Fabrazyme litigation back in play for Sanofi's Genzyme as appeals court overturns dismissal of 2020 lawsuit

It’s been 15 years since Genzyme began rationing the Fabry disease treatment Fabrazyme after a shortage caused by contamination at a manufacturing site, marking the start of many years of litigation.

Now, after a quiet period, an appeals court has put one case back on the table.

More than two dozen plaintiffs are included in the lawsuit at hand, which was filed in 2020 and seeks monetary damages for injuries allegedly stemming from Genzyme’s “mishandling” of a Fabrazyme shortage between 2009 and 2012.

The U.S. Court of Appeals for the First Circuit ultimately decided that 22 members of the plaintiff group have legal standing to assert their claims. The court's opinion (PDF), from Feb. 15, reverses a prior ruling dismissing the case from the U.S. District Court for the District of Massachusetts.

Sanofi has no comment on the ongoing litigation, a company spokesperson said.

The French drugmaker picked up Genzyme in 2011, giving the then-struggling company a lifeline after its manufacturing shortfalls led it ink an FDA consent decree and pay a $175 million fine.

The legal hubbub began after viral contamination in a bioreactor at Genzyme’s Fabrazyme manufacturing site started a shortage of the drug back in 2009. 

At the time, Fabrazyme was the only commercial treatment for Fabry disease, a rare inherited disease that can cause heart and kidney failure among other life-threatening complications. When administered every two weeks, Fabrazyme works to slow the progression of the disease.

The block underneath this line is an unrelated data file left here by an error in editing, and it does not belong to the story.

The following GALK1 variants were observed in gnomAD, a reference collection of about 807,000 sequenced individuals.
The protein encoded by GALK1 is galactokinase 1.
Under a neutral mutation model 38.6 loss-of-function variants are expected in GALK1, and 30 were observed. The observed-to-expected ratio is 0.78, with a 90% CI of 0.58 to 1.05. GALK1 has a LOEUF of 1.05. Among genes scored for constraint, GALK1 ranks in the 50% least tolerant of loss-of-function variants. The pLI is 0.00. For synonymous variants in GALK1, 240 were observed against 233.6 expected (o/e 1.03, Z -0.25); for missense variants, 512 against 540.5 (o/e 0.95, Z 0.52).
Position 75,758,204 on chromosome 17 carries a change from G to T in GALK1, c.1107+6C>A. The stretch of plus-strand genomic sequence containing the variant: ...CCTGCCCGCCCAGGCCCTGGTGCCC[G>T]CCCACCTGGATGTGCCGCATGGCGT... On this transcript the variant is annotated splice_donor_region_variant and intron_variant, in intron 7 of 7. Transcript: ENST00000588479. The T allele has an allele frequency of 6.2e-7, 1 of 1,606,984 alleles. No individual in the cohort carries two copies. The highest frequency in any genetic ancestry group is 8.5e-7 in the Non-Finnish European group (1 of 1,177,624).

Later that year, the FDA found a separate instance of contamination at the plant, further threatening the already low supply. In response, Genzyme began “arbitrarily” rationing the drug, a lawsuit from 2009 alleged.

While drug rationing is often a forced consequence of a supply squeeze, the legal complaints stem from certain aspects of the company's response. In the lawsuits, the plaintiffs say Genzyme sold a reduced dosage despite its alleged knowledge that lower doses are not effective.

In 2011, Genzyme “worsened” the U.S. shortage by diverting some supply to Europe, plaintiffs have argued. Fabrazyme supply recovered in 2012, but not before patients had gone through long periods of time without getting full doses, according to the lawsuit.

Since the shortage began, the issue has resulted in multiple class-action lawsuits, appeals and dismissals, plus settlement talks.

Plaintiffs in the 2020 suit, which includes Fabry patients as well as spouses of deceased Fabrazyme users, specifically describe several injuries attributed to the situation. The plaintiffs argue the company “knowingly misrepresented” both the expected timeline of the shortage and the effectiveness of a low-dose treatment regimen.